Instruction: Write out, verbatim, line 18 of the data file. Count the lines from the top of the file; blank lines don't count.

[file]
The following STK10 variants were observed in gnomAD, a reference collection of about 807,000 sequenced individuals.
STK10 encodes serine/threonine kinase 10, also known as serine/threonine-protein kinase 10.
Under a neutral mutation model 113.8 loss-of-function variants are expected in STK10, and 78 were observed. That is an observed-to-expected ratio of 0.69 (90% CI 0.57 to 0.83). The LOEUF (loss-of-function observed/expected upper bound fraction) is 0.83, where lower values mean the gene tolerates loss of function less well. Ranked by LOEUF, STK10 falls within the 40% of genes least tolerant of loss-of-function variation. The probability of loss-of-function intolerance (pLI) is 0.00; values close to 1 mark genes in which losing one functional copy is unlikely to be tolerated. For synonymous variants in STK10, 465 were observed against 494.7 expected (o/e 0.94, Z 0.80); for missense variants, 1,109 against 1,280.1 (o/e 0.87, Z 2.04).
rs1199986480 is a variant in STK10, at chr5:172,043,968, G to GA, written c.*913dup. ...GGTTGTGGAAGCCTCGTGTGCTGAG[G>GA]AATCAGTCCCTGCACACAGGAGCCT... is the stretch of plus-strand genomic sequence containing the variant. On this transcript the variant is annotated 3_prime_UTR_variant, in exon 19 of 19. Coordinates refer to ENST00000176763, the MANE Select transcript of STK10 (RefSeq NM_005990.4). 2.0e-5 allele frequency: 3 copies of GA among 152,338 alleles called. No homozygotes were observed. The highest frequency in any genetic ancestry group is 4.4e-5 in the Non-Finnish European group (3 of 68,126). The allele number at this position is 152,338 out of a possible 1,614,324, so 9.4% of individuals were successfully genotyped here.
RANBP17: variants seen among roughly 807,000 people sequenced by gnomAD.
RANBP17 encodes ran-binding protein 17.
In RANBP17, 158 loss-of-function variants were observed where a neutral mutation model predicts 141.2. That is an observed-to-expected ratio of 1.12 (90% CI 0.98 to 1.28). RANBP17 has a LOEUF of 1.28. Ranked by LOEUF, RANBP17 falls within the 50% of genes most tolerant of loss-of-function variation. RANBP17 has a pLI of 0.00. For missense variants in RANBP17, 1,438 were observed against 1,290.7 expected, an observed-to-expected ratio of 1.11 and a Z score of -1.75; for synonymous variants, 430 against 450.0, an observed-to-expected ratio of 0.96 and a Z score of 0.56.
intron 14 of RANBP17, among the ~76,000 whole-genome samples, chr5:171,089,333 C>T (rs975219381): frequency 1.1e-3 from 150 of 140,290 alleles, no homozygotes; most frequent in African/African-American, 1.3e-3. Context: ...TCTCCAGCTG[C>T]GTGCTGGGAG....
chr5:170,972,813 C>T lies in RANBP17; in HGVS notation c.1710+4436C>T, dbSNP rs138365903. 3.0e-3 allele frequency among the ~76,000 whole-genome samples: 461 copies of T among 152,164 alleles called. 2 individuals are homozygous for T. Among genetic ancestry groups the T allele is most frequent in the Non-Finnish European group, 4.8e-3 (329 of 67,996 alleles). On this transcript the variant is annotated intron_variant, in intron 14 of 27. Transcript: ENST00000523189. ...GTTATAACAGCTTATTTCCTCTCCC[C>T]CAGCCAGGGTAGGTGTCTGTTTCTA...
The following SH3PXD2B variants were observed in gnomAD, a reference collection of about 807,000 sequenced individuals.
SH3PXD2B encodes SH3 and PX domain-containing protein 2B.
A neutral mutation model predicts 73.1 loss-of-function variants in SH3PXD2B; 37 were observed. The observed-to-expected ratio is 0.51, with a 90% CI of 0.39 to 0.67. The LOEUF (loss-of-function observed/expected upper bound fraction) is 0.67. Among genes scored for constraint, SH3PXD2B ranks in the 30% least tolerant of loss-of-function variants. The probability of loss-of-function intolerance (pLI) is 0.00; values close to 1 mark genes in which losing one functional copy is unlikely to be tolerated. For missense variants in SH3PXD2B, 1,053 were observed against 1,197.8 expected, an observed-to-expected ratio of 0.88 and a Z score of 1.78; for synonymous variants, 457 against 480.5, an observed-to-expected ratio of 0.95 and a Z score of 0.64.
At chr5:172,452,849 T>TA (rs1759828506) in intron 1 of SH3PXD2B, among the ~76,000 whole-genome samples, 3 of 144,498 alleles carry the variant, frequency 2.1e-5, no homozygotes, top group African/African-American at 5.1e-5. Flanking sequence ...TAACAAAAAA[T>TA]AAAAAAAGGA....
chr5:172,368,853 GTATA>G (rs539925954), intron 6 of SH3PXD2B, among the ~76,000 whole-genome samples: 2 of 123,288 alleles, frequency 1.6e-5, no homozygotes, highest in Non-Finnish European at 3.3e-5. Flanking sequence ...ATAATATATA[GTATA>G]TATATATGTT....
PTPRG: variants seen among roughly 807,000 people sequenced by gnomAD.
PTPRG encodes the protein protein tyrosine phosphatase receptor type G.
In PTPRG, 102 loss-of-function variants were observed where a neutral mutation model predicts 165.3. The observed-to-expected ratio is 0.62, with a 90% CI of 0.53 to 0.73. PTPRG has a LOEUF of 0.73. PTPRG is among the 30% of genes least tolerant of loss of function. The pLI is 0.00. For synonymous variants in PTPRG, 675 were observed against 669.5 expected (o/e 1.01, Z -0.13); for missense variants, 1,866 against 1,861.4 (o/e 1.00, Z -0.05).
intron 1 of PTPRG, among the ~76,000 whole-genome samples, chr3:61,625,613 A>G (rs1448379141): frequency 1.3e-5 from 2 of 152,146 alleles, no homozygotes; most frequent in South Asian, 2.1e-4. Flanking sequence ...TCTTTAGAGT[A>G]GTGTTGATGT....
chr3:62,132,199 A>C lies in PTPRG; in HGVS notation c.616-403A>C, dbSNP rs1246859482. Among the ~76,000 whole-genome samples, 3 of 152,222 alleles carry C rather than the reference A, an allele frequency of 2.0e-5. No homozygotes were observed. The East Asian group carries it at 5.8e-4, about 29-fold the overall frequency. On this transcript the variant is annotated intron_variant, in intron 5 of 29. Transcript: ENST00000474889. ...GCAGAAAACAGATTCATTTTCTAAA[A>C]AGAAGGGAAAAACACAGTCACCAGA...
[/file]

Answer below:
intron 1 of PTPRG, among the ~76,000 whole-genome samples, chr3:61,625,613 A>G (rs1448379141): frequency 1.3e-5 from 2 of 152,146 alleles, no homozygotes; most frequent in South Asian, 2.1e-4. Flanking sequence ...TCTTTAGAGT[A>G]GTGTTGATGT....